Key paragraph(s) can be found below the document.
Para 76. While the Court expressly recognised the potential distinction between the “stop and search powers” under section 44 of TACT and “the search to which passengers uncomplainingly submit at airports or at the entrance of a public building” (see Gillan and Quinton, cited above, § 64), Schedule 7 powers were clearly wider that the immigration powers to which travellers might reasonably expect to be subjected.
Para 92. The Schedule 7 powers can only be exercised by police officers at ports and border controls. The majority of the Supreme Court considered that this restriction distinguished the case from Gillan and Quinton, cited above, since the “stop and search powers” under section 44 of TACT could be exercised throughout the whole of the United Kingdom (see paragraph 27 above). However, Lord Kerr, in his dissenting opinion, considered that the Schedule 7 powers were much broader than the “stop and search” powers, since they were not subject to any express authorisation and they were not temporally or geographically limited. As a consequence, they had the potential to affect the 245 million people who pass through the United Kingdom’s ports and borders every year (see paragraphs 33-36 above).
Para 91. Although the Court sees the logic behind the comparison to Gillan and Quinton, the important question is not whether the Schedule 7 powers are wider or narrower than the “stop and search” powers, or how the safeguards which curtail the exercise of both powers measure up, but rather whether the Schedule 7 scheme, assessed as a whole, contains sufficient safeguards to protect the individual against arbitrary interference.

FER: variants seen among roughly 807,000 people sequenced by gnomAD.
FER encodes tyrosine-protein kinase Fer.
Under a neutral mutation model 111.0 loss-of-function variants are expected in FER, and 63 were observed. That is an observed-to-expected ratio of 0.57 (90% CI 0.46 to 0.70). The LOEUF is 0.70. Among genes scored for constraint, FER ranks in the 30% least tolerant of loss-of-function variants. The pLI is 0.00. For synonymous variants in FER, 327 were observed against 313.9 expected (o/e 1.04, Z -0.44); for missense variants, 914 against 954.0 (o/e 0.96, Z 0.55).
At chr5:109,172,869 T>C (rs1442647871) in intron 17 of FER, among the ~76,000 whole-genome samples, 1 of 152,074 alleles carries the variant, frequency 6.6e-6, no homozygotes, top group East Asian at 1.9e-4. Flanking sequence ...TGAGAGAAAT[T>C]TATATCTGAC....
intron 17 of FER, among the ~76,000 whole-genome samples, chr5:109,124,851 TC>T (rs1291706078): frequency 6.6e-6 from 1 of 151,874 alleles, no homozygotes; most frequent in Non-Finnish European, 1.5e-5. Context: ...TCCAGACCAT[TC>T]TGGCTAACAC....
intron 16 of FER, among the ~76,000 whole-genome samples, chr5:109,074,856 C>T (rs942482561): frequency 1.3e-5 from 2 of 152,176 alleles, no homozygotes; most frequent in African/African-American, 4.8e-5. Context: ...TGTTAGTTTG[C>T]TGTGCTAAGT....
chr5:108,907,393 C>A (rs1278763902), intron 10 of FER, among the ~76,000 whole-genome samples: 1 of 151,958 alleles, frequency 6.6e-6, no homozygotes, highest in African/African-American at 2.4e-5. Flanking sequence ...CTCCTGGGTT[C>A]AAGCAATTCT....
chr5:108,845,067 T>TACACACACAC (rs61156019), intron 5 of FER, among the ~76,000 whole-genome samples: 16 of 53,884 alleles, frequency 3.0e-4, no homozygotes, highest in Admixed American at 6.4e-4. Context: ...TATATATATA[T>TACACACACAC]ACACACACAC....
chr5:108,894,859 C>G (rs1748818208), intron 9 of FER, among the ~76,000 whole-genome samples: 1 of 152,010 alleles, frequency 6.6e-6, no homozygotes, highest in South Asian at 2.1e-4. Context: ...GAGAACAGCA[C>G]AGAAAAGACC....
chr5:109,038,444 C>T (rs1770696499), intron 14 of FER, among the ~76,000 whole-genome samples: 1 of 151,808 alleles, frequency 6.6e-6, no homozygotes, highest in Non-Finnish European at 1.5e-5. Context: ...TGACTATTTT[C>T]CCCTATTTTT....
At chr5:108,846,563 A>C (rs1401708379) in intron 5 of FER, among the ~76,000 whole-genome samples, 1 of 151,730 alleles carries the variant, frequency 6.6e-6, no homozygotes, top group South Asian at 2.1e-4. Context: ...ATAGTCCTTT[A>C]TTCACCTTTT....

Para 92. In this regard, while the Court would accept that in view of their permanent application at all ports and border controls, the Schedule 7 powers are wide in scope, this does not, in itself, run contrary to the principle of legality. The Court has expressly acknowledged both the very real threat that Contracting States currently face on account of international terrorism (see, for example, Chahal v. the United Kingdom, 15 November 1996, § 79, Reports of Judgments and Decisions 1996‑V; A. and Others v. the United Kingdom [GC], no. 3455/05, § 181, ECHR 2009; A. v. the Netherlands, no. 4900/06, § 143, 20 July 2010; Trabelsi v. Belgium, no. 140/10, § 117, ECHR 2014 (extracts); and Othman (Abu Qatada) v. United Kingdom, no. 8139/09, § 183, ECHR 2012).) and the importance of controlling the international movement of terrorists (see, for example, McVeigh, O’Neill and Evans v United Kingdom (1981) 5 EHRR 71, § 192). Ports and border controls will inevitably provide a crucial focal point for detecting and preventing the movement of terrorists and/or foiling terrorist attacks. Indeed, all States operate systems of immigration and customs control at their ports and borders, and while these controls are different in nature to the Schedule 7 powers, it is nevertheless the case that all persons crossing international borders can expect to be subject to a certain level of scrutiny.